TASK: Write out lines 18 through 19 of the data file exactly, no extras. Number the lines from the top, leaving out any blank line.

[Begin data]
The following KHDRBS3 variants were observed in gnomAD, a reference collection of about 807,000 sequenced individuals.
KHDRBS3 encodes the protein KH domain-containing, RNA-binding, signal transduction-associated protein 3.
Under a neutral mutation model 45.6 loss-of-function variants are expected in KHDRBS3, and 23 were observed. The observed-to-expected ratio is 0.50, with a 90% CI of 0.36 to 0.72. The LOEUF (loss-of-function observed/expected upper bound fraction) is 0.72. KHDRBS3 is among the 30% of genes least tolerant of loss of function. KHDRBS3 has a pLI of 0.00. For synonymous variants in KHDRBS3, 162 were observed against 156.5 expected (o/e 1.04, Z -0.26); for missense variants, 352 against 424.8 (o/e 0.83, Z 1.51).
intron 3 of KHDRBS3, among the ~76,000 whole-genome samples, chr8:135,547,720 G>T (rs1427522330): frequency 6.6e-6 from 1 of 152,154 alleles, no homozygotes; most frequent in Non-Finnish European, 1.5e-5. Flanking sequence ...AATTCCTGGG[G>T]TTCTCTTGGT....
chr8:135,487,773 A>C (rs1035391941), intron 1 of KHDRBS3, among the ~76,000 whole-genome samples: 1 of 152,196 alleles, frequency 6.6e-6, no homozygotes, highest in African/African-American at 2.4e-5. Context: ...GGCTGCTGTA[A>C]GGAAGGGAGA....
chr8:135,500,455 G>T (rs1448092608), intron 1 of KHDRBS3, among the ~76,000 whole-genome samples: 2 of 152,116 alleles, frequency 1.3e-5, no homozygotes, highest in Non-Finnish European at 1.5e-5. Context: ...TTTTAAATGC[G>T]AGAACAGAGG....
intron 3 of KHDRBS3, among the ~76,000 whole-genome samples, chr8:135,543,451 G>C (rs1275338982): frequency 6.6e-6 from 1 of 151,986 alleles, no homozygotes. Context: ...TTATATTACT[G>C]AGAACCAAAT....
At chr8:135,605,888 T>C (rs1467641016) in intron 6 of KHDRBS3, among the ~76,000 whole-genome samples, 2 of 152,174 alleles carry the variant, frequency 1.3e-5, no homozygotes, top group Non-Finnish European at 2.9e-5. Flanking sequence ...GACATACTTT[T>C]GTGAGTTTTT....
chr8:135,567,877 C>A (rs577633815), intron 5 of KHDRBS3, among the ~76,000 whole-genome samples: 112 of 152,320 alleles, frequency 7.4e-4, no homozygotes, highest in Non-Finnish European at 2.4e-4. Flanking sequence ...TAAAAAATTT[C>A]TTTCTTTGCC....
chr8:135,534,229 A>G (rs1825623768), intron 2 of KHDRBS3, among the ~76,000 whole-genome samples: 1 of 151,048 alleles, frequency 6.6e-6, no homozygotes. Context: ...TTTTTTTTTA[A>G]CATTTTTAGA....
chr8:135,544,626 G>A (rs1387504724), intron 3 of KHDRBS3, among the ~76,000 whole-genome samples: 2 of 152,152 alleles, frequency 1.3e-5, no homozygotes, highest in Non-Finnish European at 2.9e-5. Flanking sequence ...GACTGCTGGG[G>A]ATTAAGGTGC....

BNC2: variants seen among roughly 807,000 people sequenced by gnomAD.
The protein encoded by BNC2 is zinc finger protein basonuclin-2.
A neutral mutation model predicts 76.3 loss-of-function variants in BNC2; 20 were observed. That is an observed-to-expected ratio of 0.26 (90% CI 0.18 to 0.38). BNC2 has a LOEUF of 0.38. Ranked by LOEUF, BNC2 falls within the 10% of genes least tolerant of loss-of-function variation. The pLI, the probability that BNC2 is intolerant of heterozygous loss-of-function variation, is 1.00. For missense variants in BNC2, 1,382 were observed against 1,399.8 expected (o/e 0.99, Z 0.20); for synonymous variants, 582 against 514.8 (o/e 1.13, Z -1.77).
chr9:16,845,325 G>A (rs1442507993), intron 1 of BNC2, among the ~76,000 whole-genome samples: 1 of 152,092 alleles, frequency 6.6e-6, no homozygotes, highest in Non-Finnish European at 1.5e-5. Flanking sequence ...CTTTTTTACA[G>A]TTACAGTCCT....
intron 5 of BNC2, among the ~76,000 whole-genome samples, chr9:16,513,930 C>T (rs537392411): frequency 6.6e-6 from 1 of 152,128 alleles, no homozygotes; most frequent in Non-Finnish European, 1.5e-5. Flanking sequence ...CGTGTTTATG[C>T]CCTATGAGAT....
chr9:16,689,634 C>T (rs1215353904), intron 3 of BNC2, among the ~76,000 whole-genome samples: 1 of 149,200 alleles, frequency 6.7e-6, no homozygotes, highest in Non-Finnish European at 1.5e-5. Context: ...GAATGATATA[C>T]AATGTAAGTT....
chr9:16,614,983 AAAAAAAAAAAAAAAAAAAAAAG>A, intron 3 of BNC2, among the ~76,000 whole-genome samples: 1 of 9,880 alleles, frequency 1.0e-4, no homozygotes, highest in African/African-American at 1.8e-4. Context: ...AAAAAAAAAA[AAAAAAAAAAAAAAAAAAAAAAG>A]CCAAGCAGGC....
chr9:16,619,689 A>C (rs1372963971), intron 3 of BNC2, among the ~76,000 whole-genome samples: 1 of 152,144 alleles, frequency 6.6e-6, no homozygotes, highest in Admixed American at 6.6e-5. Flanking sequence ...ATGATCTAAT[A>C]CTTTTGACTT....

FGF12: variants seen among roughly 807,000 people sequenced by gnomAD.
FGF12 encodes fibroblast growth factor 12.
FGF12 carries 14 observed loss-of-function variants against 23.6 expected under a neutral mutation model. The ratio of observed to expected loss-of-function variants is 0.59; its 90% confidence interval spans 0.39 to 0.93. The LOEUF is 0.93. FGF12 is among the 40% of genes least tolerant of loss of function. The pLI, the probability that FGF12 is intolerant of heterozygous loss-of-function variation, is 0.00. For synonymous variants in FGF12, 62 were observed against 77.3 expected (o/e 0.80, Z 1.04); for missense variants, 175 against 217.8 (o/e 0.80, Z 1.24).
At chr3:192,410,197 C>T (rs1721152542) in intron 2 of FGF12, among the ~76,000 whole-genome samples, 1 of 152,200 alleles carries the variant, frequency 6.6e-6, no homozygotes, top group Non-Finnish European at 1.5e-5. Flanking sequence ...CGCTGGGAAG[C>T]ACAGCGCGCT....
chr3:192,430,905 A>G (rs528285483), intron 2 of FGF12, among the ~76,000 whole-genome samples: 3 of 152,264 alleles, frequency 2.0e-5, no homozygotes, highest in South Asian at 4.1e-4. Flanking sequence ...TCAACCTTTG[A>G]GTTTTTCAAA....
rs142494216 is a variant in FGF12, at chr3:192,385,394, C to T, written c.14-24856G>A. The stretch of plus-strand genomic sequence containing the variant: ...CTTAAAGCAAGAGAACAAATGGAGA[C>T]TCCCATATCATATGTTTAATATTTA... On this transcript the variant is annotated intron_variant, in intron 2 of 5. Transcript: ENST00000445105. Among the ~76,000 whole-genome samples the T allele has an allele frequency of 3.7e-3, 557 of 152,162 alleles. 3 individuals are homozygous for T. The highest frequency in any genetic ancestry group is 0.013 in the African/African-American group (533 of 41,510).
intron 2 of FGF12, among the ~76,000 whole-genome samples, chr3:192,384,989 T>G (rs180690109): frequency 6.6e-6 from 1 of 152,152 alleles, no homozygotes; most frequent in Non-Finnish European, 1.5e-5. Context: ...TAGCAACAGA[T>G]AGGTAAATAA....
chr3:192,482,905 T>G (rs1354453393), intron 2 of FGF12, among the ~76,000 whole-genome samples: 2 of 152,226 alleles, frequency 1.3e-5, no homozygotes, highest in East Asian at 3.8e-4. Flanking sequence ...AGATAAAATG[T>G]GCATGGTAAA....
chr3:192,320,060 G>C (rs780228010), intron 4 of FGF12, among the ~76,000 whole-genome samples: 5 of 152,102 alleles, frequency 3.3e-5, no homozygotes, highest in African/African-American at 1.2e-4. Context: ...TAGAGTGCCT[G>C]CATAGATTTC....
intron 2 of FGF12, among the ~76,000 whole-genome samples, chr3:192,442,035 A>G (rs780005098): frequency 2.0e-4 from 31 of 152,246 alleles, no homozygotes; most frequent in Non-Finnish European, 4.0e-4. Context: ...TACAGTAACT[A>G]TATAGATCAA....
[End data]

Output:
chr9:16,614,983 AAAAAAAAAAAAAAAAAAAAAAG>A, intron 3 of BNC2, among the ~76,000 whole-genome samples: 1 of 9,880 alleles, frequency 1.0e-4, no homozygotes, highest in African/African-American at 1.8e-4. Context: ...AAAAAAAAAA[AAAAAAAAAAAAAAAAAAAAAAG>A]CCAAGCAGGC....
chr9:16,619,689 A>C (rs1372963971), intron 3 of BNC2, among the ~76,000 whole-genome samples: 1 of 152,144 alleles, frequency 6.6e-6, no homozygotes, highest in Admixed American at 6.6e-5. Flanking sequence ...ATGATCTAAT[A>C]CTTTTGACTT....